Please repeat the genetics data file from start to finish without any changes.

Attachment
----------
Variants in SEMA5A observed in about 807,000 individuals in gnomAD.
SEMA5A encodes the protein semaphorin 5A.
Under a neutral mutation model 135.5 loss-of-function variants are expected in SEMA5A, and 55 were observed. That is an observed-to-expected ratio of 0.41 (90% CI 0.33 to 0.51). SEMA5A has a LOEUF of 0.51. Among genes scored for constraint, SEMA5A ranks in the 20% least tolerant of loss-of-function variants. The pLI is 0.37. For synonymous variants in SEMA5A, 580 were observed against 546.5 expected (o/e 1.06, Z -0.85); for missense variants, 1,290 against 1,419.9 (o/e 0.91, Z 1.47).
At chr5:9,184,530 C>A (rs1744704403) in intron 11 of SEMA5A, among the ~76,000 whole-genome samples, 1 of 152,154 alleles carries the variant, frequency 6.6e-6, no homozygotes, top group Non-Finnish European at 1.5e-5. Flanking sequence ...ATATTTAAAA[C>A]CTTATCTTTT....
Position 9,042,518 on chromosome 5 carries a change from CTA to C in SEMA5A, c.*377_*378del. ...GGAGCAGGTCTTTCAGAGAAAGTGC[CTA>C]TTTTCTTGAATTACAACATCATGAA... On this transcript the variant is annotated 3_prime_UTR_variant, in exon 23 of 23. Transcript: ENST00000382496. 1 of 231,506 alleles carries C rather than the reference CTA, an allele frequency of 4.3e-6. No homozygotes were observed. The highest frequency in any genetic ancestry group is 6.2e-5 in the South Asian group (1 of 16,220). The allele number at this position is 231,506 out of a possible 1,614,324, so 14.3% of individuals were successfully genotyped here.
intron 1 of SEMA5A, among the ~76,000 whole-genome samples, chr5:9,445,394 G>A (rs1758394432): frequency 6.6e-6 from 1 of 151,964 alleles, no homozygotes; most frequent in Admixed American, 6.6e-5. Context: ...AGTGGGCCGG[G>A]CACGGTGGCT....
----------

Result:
Variants in SEMA5A observed in about 807,000 individuals in gnomAD.
SEMA5A encodes the protein semaphorin 5A.
Under a neutral mutation model 135.5 loss-of-function variants are expected in SEMA5A, and 55 were observed. That is an observed-to-expected ratio of 0.41 (90% CI 0.33 to 0.51). SEMA5A has a LOEUF of 0.51. Among genes scored for constraint, SEMA5A ranks in the 20% least tolerant of loss-of-function variants. The pLI is 0.37. For synonymous variants in SEMA5A, 580 were observed against 546.5 expected (o/e 1.06, Z -0.85); for missense variants, 1,290 against 1,419.9 (o/e 0.91, Z 1.47).
At chr5:9,184,530 C>A (rs1744704403) in intron 11 of SEMA5A, among the ~76,000 whole-genome samples, 1 of 152,154 alleles carries the variant, frequency 6.6e-6, no homozygotes, top group Non-Finnish European at 1.5e-5. Flanking sequence ...ATATTTAAAA[C>A]CTTATCTTTT....
Position 9,042,518 on chromosome 5 carries a change from CTA to C in SEMA5A, c.*377_*378del. ...GGAGCAGGTCTTTCAGAGAAAGTGC[CTA>C]TTTTCTTGAATTACAACATCATGAA... On this transcript the variant is annotated 3_prime_UTR_variant, in exon 23 of 23. Transcript: ENST00000382496. 1 of 231,506 alleles carries C rather than the reference CTA, an allele frequency of 4.3e-6. No homozygotes were observed. The highest frequency in any genetic ancestry group is 6.2e-5 in the South Asian group (1 of 16,220). The allele number at this position is 231,506 out of a possible 1,614,324, so 14.3% of individuals were successfully genotyped here.
intron 1 of SEMA5A, among the ~76,000 whole-genome samples, chr5:9,445,394 G>A (rs1758394432): frequency 6.6e-6 from 1 of 151,964 alleles, no homozygotes; most frequent in Admixed American, 6.6e-5. Context: ...AGTGGGCCGG[G>A]CACGGTGGCT....